Tuesday, October 28, 2014

(Review) Ed Moses "Cross-Section" at the University Art Gallery, University of California, Irvine

Ed Moses is a painter. He is not an Abstract Expressionist or an Abstract painter. He is a painter who paints abstract works. Those are the words that one of the curators and a painter himself, Kevin  Appel, relayed to me when walking through the extensive and comprehensive retrospective of Ed Moses. Ed Moses put Los Angeles abstraction on the art world map. Curated by Kevin Appel, and Juli Carson,"Cross-Section" traces the common thematic thread binding Moses’s prolific and continuous act of exploration. Moses shows his unbinding courage to take chances on visual strategies. A constant experimenter who always tries to redefine the process and visual in contemporary painting. This exhibition demonstrates the constant process of change and the willingness to go beyond the conventions of painting.

Moses' painting emerges from the West Coast Pop Art and Light and Space movements of the 1960s to reinvigorate abstract painting. Beginning with his crisscross paintings of the 1970s, Moses uses color and line to create a an architecture that uses conceptual ideas as a basis thus creating a grid. However, Moses is never content with one particular style. Throughout the decades from the 1980s to present, Moses changes technique and style and never gives the viewer a hint of what is coming next or the direction he's going. Then throughout the 1980s and 1990s, Moses breaks out from the grid and loosens his technique. He frees the use of color, line and composition in later works. The recent works negotiate between those extremes. Never satisfied with just one or the other. Moses is always self conscious of what is happening within the canvas, and what he is ultimately portraying to the viewer. There is never the angst of a Gerhard Richter or the ego of a Willem De Kooning. Moses is the definitive California abstractionist. Moses has experimented with pattern, grids, and even the scrapping of painting on the canvas to create movement of the surface.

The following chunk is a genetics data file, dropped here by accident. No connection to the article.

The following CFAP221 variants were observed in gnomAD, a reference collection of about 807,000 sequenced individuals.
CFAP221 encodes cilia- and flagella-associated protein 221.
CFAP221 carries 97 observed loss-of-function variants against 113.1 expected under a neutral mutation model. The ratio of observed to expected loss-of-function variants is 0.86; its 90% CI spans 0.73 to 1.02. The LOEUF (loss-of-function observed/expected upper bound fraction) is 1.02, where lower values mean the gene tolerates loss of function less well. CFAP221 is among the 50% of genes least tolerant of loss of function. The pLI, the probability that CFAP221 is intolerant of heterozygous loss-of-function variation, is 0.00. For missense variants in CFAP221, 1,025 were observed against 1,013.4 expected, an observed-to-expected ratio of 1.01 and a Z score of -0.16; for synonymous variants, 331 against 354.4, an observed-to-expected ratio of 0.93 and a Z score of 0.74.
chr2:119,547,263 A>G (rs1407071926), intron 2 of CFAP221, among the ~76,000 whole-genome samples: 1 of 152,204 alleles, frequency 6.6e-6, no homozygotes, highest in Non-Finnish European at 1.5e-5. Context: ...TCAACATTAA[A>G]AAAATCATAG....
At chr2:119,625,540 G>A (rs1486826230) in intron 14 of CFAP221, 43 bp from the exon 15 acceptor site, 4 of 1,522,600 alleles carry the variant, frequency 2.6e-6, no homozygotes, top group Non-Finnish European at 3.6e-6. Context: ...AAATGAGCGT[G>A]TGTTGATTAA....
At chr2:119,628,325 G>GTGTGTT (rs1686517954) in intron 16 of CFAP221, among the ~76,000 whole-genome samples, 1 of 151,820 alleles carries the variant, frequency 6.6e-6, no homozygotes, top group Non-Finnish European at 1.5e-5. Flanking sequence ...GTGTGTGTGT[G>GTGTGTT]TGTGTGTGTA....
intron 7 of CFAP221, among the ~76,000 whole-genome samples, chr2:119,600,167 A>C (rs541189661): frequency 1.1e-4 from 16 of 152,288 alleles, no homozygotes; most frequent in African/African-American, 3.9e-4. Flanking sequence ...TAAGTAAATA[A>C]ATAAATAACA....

If there is a forefather of Los Angeles abstraction, Moses would be the perfect candidate. I look at emerging painters such as Jonathan Apgar, Nano Rubio, Caitlin Lonegan, Chris Trueman, and Josh Dildine, it is obvious that Moses plays an important part in the development of contemporary painting in Los Angeles. The latest show is a retrospective that is well deserving.

October 11 through December 13, 2014
Opening reception Saturday October 11, 2pm to 5pm
University Gallery
712 Arts Plaza
Irvine, CA 92697-2775

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